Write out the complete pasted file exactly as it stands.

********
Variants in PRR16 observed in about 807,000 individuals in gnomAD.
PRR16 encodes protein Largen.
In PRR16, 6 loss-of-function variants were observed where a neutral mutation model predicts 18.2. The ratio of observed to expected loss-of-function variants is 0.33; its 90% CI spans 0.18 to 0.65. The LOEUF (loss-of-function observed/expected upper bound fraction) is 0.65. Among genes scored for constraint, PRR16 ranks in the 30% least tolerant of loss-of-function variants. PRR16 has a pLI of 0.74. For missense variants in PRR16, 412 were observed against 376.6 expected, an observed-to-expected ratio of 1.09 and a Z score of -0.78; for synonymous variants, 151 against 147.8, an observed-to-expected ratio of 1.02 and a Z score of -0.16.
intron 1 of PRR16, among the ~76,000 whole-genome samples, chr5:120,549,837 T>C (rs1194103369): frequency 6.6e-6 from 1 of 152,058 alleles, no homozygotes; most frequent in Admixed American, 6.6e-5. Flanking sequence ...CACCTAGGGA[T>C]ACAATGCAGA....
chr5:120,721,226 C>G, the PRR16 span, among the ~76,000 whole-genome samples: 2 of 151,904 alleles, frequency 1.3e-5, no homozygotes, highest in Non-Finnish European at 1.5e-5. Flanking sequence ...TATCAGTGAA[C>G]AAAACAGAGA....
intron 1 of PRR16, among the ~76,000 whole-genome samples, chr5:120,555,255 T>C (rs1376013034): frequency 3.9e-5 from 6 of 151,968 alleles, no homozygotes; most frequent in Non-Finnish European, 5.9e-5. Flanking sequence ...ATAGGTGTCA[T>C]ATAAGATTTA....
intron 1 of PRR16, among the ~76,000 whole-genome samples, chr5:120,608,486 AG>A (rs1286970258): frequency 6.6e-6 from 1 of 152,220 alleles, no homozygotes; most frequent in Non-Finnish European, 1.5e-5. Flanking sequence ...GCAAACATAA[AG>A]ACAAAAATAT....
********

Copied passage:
Variants in PRR16 observed in about 807,000 individuals in gnomAD.
PRR16 encodes protein Largen.
In PRR16, 6 loss-of-function variants were observed where a neutral mutation model predicts 18.2. The ratio of observed to expected loss-of-function variants is 0.33; its 90% CI spans 0.18 to 0.65. The LOEUF (loss-of-function observed/expected upper bound fraction) is 0.65. Among genes scored for constraint, PRR16 ranks in the 30% least tolerant of loss-of-function variants. PRR16 has a pLI of 0.74. For missense variants in PRR16, 412 were observed against 376.6 expected, an observed-to-expected ratio of 1.09 and a Z score of -0.78; for synonymous variants, 151 against 147.8, an observed-to-expected ratio of 1.02 and a Z score of -0.16.
intron 1 of PRR16, among the ~76,000 whole-genome samples, chr5:120,549,837 T>C (rs1194103369): frequency 6.6e-6 from 1 of 152,058 alleles, no homozygotes; most frequent in Admixed American, 6.6e-5. Flanking sequence ...CACCTAGGGA[T>C]ACAATGCAGA....
chr5:120,721,226 C>G, the PRR16 span, among the ~76,000 whole-genome samples: 2 of 151,904 alleles, frequency 1.3e-5, no homozygotes, highest in Non-Finnish European at 1.5e-5. Flanking sequence ...TATCAGTGAA[C>G]AAAACAGAGA....
intron 1 of PRR16, among the ~76,000 whole-genome samples, chr5:120,555,255 T>C (rs1376013034): frequency 3.9e-5 from 6 of 151,968 alleles, no homozygotes; most frequent in Non-Finnish European, 5.9e-5. Flanking sequence ...ATAGGTGTCA[T>C]ATAAGATTTA....
intron 1 of PRR16, among the ~76,000 whole-genome samples, chr5:120,608,486 AG>A (rs1286970258): frequency 6.6e-6 from 1 of 152,220 alleles, no homozygotes; most frequent in Non-Finnish European, 1.5e-5. Flanking sequence ...GCAAACATAA[AG>A]ACAAAAATAT....